The jump in dollar inflows resulted in increasing total surplus in the country’s payments balance to $5.1 billion during the first quarter of FY 2017/18 against $1.9 billion in the same period of the previous fiscal year.

Foreign investments in government debt reached $7.5 billion in Q1 of FY2017/18, compared to $841 million during Q1 of the past fiscal year, a sign of growing confidence in the economy. Remittances of the first quarter of the fiscal year 2017/18 hit $6 billion, compared to $4.4 billion in the previous year.

Exports went up to $5.8 billion from $5.3 billion last year. Tourism also climbed up to $2.7 billion from $758 million during first three months of FY 2016/17.

However, FDIs recorded a decline, falling to $1.6 billion down from $1.9 billion of the first
quarter of the past fiscal year. Suez Canal revenues reached $1.4 billion Dollar flows to Egyptian banks jumped to more than $57 billion since the pound flotation,

Deputy Governor of Egypt’s Central Bank Gamal Negm told Business Today Egypt. At the end of November, foreign reserves amounted to $36.723 billion, the highest level since the pound float, and sufficient to cover nearly seven months of Egypt’s strategic commodity imports. This rate is higher than the three months’ international average.

Optimistic scenario

“Analysis of the pound’s technical charts [points] as well to a potential appreciation to
15.2 to 15.4 per dollar in the second quarter to 2018, after touching 18.1 per dollar,” Elnozamy said.

“Exchange rate liberalization and stabilization of the Egyptian pound at around 17-18
to the US dollar have bolstered investor confidence, leading to a significant increase in capital inflows,” global rating agency S&P said in a November report.

“The FX rate will generally fluctuate between LE 16.5 and LE 18 to the dollar as the inflows from tourism, household and corporate FX [foreign exchange] sales to banks, and remittances mainly counter the household and corporate demand for FX for personal expenses and import financing,” Reham El Desoki, senior economist at regional investment bank Arqaam Capital, said in a research paper.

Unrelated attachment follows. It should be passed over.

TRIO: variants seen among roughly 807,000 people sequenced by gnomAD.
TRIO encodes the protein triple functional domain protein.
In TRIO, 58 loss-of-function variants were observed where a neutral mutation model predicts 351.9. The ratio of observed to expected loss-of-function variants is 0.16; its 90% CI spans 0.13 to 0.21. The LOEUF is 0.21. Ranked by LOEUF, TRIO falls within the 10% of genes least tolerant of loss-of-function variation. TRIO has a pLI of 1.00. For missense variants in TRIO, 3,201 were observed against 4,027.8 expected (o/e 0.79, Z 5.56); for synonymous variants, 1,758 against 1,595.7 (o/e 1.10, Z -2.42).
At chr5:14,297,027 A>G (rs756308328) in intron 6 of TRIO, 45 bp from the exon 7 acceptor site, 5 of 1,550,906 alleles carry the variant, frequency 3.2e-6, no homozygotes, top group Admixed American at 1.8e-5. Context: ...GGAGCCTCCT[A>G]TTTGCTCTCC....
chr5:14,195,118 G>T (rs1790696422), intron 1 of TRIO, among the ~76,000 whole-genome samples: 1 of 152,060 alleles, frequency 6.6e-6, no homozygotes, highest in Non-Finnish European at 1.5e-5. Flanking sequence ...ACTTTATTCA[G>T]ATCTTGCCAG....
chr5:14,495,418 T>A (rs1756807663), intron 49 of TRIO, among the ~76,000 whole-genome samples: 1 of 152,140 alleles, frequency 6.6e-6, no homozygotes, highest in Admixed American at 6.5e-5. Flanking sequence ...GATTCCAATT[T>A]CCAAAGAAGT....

However, Desoki forecasts a slight temporary appreciation toward the beginning of February, coinciding with the Chinese New Year when imports from China freeze, reducing the demand for trade financing for the period of
the New Year holiday in China. As foreign exchange reserves continue to
rise as economic growth strengthens, S&P revised its outlook on Egypt to positive from
stable, affirming a ‘B-’ long-term and ‘B’ shortterm ratings.

“The positive outlook reflects a potential upgrade over the next year if Egypt continues
to implement structural reforms to support investment and growth, if external weaknesses abate, and if further progress is made in improving the effectiveness of the monetary framework,” the rating agency said in a statement.

An additional positive indicator that the economy is on the right track after the government embarked on the reform program was the significant shrink in the country’s current account deficit, narrowing by 12.4% to reach $13.2 billion in the first nine months of the fiscal year.

The current account deficit measures incoming and outgoing goods, services and

S&P forecasts the current account deficit to narrow gradually to 4.1% of GDP by fiscal year 2020, down from 6.8% of GDP in 2016/17. “We expect the deficits to be financed primarily by rising FDI inflows and public external debt.”

Egypt’s trade deficit declined 5% to reach $8.9 billion for the quarter, down from $9.4
billion in Q1 of 2016/17. This largely came on the back of an 11% increase in merchandise exports to $5.8 billion, up from $5.3 billion in the same period last year.

Egypt’s oil exports grew 16.8% to $1.8 billion in Q1 of 2017/18 from $1.5 billion a year earlier. In addition to these economic drivers, economists argue that the pound is projected to appreciate for political reasons, with President Abdel Fattah al-Sisi planning to run for a second term in the upcoming elections this summer.